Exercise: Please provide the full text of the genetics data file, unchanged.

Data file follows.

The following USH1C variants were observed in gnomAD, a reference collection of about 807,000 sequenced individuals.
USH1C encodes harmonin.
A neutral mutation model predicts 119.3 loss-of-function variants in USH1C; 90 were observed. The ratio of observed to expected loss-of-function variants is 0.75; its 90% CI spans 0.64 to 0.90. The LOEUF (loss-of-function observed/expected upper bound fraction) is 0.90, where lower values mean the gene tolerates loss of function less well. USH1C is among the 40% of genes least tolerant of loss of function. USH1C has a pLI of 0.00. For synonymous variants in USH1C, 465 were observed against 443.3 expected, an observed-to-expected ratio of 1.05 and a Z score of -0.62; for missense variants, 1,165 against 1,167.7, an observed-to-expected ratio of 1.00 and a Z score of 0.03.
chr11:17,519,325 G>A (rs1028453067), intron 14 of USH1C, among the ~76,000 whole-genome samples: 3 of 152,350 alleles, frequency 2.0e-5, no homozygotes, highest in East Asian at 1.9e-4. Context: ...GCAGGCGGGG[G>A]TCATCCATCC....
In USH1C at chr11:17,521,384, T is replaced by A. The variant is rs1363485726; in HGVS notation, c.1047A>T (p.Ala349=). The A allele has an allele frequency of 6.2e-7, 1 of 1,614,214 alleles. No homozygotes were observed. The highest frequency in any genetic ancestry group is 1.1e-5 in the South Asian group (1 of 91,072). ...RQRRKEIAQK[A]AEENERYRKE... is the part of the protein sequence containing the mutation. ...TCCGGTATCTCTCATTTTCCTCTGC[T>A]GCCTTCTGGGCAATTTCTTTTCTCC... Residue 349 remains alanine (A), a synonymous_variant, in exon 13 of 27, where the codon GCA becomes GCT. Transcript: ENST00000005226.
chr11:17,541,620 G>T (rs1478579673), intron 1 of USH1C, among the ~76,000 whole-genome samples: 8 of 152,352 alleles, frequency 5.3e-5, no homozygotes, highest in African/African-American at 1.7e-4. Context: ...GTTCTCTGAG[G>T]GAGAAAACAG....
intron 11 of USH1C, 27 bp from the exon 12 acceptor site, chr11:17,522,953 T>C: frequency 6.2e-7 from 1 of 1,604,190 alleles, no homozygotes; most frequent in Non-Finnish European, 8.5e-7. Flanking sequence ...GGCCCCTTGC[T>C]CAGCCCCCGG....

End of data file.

The following USH1C variants were observed in gnomAD, a reference collection of about 807,000 sequenced individuals.
USH1C encodes harmonin.
A neutral mutation model predicts 119.3 loss-of-function variants in USH1C; 90 were observed. The ratio of observed to expected loss-of-function variants is 0.75; its 90% CI spans 0.64 to 0.90. The LOEUF (loss-of-function observed/expected upper bound fraction) is 0.90, where lower values mean the gene tolerates loss of function less well. USH1C is among the 40% of genes least tolerant of loss of function. USH1C has a pLI of 0.00. For synonymous variants in USH1C, 465 were observed against 443.3 expected, an observed-to-expected ratio of 1.05 and a Z score of -0.62; for missense variants, 1,165 against 1,167.7, an observed-to-expected ratio of 1.00 and a Z score of 0.03.
chr11:17,519,325 G>A (rs1028453067), intron 14 of USH1C, among the ~76,000 whole-genome samples: 3 of 152,350 alleles, frequency 2.0e-5, no homozygotes, highest in East Asian at 1.9e-4. Context: ...GCAGGCGGGG[G>A]TCATCCATCC....
In USH1C at chr11:17,521,384, T is replaced by A. The variant is rs1363485726; in HGVS notation, c.1047A>T (p.Ala349=). The A allele has an allele frequency of 6.2e-7, 1 of 1,614,214 alleles. No homozygotes were observed. The highest frequency in any genetic ancestry group is 1.1e-5 in the South Asian group (1 of 91,072). ...RQRRKEIAQK[A]AEENERYRKE... is the part of the protein sequence containing the mutation. ...TCCGGTATCTCTCATTTTCCTCTGC[T>A]GCCTTCTGGGCAATTTCTTTTCTCC... Residue 349 remains alanine (A), a synonymous_variant, in exon 13 of 27, where the codon GCA becomes GCT. Transcript: ENST00000005226.
chr11:17,541,620 G>T (rs1478579673), intron 1 of USH1C, among the ~76,000 whole-genome samples: 8 of 152,352 alleles, frequency 5.3e-5, no homozygotes, highest in African/African-American at 1.7e-4. Context: ...GTTCTCTGAG[G>T]GAGAAAACAG....
intron 11 of USH1C, 27 bp from the exon 12 acceptor site, chr11:17,522,953 T>C: frequency 6.2e-7 from 1 of 1,604,190 alleles, no homozygotes; most frequent in Non-Finnish European, 8.5e-7. Flanking sequence ...GGCCCCTTGC[T>C]CAGCCCCCGG....